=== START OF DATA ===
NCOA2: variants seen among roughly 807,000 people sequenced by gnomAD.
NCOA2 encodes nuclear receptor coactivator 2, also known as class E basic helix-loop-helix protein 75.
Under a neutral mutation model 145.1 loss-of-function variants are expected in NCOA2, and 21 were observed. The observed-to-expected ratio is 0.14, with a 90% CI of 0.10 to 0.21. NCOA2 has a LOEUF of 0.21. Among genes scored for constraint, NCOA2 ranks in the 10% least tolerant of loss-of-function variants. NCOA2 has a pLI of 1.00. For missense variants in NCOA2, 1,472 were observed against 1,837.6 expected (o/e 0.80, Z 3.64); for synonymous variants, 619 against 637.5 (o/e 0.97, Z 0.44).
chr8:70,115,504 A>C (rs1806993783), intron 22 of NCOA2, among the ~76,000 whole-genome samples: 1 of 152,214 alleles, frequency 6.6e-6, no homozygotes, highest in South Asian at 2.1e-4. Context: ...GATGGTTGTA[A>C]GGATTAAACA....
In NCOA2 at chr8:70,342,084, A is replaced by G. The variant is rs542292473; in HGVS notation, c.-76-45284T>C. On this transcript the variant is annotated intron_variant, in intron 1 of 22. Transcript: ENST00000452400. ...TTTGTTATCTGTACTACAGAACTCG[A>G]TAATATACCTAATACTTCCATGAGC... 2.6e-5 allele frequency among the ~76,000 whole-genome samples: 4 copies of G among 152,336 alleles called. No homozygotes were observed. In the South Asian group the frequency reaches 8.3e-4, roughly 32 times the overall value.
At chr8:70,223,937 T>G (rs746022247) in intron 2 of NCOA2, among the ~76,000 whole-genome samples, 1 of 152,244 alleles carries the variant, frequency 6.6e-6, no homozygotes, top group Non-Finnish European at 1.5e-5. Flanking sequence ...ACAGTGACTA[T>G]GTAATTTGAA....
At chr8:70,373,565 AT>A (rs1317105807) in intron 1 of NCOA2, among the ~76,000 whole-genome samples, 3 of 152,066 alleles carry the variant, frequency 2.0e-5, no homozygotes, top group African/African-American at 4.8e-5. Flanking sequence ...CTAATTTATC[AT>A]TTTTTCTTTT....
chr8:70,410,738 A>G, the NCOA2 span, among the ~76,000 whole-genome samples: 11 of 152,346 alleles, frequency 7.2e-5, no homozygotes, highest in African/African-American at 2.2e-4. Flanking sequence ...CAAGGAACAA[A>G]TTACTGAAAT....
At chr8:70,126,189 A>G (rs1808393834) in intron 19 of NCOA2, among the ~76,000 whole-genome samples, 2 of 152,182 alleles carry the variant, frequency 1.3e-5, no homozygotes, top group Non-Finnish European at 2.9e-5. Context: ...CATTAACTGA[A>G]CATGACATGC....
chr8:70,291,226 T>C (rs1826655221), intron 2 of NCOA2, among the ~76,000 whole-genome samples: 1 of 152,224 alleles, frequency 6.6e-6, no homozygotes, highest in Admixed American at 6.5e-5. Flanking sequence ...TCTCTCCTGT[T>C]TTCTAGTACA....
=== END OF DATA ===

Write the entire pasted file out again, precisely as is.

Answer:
NCOA2: variants seen among roughly 807,000 people sequenced by gnomAD.
NCOA2 encodes nuclear receptor coactivator 2, also known as class E basic helix-loop-helix protein 75.
Under a neutral mutation model 145.1 loss-of-function variants are expected in NCOA2, and 21 were observed. The observed-to-expected ratio is 0.14, with a 90% CI of 0.10 to 0.21. NCOA2 has a LOEUF of 0.21. Among genes scored for constraint, NCOA2 ranks in the 10% least tolerant of loss-of-function variants. NCOA2 has a pLI of 1.00. For missense variants in NCOA2, 1,472 were observed against 1,837.6 expected (o/e 0.80, Z 3.64); for synonymous variants, 619 against 637.5 (o/e 0.97, Z 0.44).
chr8:70,115,504 A>C (rs1806993783), intron 22 of NCOA2, among the ~76,000 whole-genome samples: 1 of 152,214 alleles, frequency 6.6e-6, no homozygotes, highest in South Asian at 2.1e-4. Context: ...GATGGTTGTA[A>C]GGATTAAACA....
In NCOA2 at chr8:70,342,084, A is replaced by G. The variant is rs542292473; in HGVS notation, c.-76-45284T>C. On this transcript the variant is annotated intron_variant, in intron 1 of 22. Transcript: ENST00000452400. ...TTTGTTATCTGTACTACAGAACTCG[A>G]TAATATACCTAATACTTCCATGAGC... 2.6e-5 allele frequency among the ~76,000 whole-genome samples: 4 copies of G among 152,336 alleles called. No homozygotes were observed. In the South Asian group the frequency reaches 8.3e-4, roughly 32 times the overall value.
At chr8:70,223,937 T>G (rs746022247) in intron 2 of NCOA2, among the ~76,000 whole-genome samples, 1 of 152,244 alleles carries the variant, frequency 6.6e-6, no homozygotes, top group Non-Finnish European at 1.5e-5. Flanking sequence ...ACAGTGACTA[T>G]GTAATTTGAA....
At chr8:70,373,565 AT>A (rs1317105807) in intron 1 of NCOA2, among the ~76,000 whole-genome samples, 3 of 152,066 alleles carry the variant, frequency 2.0e-5, no homozygotes, top group African/African-American at 4.8e-5. Flanking sequence ...CTAATTTATC[AT>A]TTTTTCTTTT....
chr8:70,410,738 A>G, the NCOA2 span, among the ~76,000 whole-genome samples: 11 of 152,346 alleles, frequency 7.2e-5, no homozygotes, highest in African/African-American at 2.2e-4. Flanking sequence ...CAAGGAACAA[A>G]TTACTGAAAT....
At chr8:70,126,189 A>G (rs1808393834) in intron 19 of NCOA2, among the ~76,000 whole-genome samples, 2 of 152,182 alleles carry the variant, frequency 1.3e-5, no homozygotes, top group Non-Finnish European at 2.9e-5. Context: ...CATTAACTGA[A>G]CATGACATGC....
chr8:70,291,226 T>C (rs1826655221), intron 2 of NCOA2, among the ~76,000 whole-genome samples: 1 of 152,224 alleles, frequency 6.6e-6, no homozygotes, highest in Admixed American at 6.5e-5. Flanking sequence ...TCTCTCCTGT[T>C]TTCTAGTACA....